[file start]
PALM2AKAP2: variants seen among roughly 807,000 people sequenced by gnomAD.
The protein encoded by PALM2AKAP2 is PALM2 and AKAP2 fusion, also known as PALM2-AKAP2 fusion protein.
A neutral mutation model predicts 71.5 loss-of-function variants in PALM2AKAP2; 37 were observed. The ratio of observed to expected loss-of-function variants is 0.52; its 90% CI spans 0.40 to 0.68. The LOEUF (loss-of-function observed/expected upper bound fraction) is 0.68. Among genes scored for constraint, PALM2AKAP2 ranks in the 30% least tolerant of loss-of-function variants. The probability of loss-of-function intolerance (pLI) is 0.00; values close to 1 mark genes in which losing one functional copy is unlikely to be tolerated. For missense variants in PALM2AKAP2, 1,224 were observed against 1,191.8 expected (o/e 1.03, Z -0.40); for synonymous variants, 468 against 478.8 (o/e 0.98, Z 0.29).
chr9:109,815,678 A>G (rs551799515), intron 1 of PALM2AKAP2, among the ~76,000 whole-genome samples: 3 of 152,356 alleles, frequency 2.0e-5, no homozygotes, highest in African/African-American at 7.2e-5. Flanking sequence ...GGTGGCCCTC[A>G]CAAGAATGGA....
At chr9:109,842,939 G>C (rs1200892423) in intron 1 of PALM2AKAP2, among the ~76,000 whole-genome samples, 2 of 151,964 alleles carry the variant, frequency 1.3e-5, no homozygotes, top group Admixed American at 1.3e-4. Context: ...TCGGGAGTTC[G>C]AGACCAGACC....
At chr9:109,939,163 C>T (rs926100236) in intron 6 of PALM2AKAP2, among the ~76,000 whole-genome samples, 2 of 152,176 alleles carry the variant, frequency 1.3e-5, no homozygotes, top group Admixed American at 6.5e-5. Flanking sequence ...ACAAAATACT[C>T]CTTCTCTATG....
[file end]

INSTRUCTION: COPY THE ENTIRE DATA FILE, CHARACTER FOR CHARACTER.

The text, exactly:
PALM2AKAP2: variants seen among roughly 807,000 people sequenced by gnomAD.
The protein encoded by PALM2AKAP2 is PALM2 and AKAP2 fusion, also known as PALM2-AKAP2 fusion protein.
A neutral mutation model predicts 71.5 loss-of-function variants in PALM2AKAP2; 37 were observed. The ratio of observed to expected loss-of-function variants is 0.52; its 90% CI spans 0.40 to 0.68. The LOEUF (loss-of-function observed/expected upper bound fraction) is 0.68. Among genes scored for constraint, PALM2AKAP2 ranks in the 30% least tolerant of loss-of-function variants. The probability of loss-of-function intolerance (pLI) is 0.00; values close to 1 mark genes in which losing one functional copy is unlikely to be tolerated. For missense variants in PALM2AKAP2, 1,224 were observed against 1,191.8 expected (o/e 1.03, Z -0.40); for synonymous variants, 468 against 478.8 (o/e 0.98, Z 0.29).
chr9:109,815,678 A>G (rs551799515), intron 1 of PALM2AKAP2, among the ~76,000 whole-genome samples: 3 of 152,356 alleles, frequency 2.0e-5, no homozygotes, highest in African/African-American at 7.2e-5. Flanking sequence ...GGTGGCCCTC[A>G]CAAGAATGGA....
At chr9:109,842,939 G>C (rs1200892423) in intron 1 of PALM2AKAP2, among the ~76,000 whole-genome samples, 2 of 151,964 alleles carry the variant, frequency 1.3e-5, no homozygotes, top group Admixed American at 1.3e-4. Context: ...TCGGGAGTTC[G>C]AGACCAGACC....
At chr9:109,939,163 C>T (rs926100236) in intron 6 of PALM2AKAP2, among the ~76,000 whole-genome samples, 2 of 152,176 alleles carry the variant, frequency 1.3e-5, no homozygotes, top group Admixed American at 6.5e-5. Flanking sequence ...ACAAAATACT[C>T]CTTCTCTATG....